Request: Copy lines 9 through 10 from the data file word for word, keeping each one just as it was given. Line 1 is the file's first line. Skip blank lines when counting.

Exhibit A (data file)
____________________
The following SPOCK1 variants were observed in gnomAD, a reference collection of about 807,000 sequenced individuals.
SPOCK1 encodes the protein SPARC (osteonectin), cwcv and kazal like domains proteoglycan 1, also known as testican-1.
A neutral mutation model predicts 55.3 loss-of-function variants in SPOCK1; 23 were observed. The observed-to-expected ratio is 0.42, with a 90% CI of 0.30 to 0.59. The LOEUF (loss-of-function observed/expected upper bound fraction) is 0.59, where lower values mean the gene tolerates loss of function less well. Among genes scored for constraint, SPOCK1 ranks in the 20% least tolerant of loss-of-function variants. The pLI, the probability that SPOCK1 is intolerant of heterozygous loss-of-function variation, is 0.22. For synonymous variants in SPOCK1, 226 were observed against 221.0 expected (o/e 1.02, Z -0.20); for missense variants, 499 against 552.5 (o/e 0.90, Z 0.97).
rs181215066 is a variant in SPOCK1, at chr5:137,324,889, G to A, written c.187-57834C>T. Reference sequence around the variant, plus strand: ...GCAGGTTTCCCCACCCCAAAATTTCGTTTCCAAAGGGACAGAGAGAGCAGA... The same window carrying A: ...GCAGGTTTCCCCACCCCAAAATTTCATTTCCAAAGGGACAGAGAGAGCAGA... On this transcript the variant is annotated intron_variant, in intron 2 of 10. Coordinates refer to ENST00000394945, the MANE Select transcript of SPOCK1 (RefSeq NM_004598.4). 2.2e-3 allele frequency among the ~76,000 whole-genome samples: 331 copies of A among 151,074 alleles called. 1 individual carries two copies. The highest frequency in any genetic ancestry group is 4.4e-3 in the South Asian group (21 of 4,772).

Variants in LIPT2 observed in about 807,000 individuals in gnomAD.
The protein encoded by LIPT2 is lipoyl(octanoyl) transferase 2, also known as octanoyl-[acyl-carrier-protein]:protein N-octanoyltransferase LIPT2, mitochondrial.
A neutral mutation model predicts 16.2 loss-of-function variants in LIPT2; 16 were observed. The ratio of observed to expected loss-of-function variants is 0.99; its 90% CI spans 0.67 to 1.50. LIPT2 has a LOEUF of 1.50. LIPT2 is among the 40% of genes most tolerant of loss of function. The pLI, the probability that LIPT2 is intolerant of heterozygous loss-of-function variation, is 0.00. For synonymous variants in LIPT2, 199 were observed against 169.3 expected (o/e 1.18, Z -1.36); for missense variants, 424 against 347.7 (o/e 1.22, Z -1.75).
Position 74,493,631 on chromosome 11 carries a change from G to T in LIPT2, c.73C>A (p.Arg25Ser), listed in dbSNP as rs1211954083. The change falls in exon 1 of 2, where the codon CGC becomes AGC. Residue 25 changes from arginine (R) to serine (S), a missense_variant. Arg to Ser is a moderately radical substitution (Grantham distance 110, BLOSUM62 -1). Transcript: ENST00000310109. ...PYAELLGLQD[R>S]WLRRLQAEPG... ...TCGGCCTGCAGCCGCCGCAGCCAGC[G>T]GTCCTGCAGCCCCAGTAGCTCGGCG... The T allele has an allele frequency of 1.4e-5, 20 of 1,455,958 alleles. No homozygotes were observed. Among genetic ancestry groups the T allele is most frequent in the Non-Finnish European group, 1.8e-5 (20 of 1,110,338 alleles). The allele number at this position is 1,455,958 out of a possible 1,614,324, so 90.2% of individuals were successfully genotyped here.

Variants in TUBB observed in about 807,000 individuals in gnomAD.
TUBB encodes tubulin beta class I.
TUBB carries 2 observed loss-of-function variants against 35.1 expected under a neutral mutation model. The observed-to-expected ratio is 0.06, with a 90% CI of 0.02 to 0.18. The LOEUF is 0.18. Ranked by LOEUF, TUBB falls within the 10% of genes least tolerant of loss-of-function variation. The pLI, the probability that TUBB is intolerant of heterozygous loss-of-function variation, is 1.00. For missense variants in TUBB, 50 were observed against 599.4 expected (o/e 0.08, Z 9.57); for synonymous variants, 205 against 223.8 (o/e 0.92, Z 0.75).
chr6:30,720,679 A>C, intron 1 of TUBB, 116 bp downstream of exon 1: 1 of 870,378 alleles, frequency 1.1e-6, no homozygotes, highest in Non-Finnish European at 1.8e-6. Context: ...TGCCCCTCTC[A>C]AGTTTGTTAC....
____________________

Variants in TUBB observed in about 807,000 individuals in gnomAD.
TUBB encodes tubulin beta class I.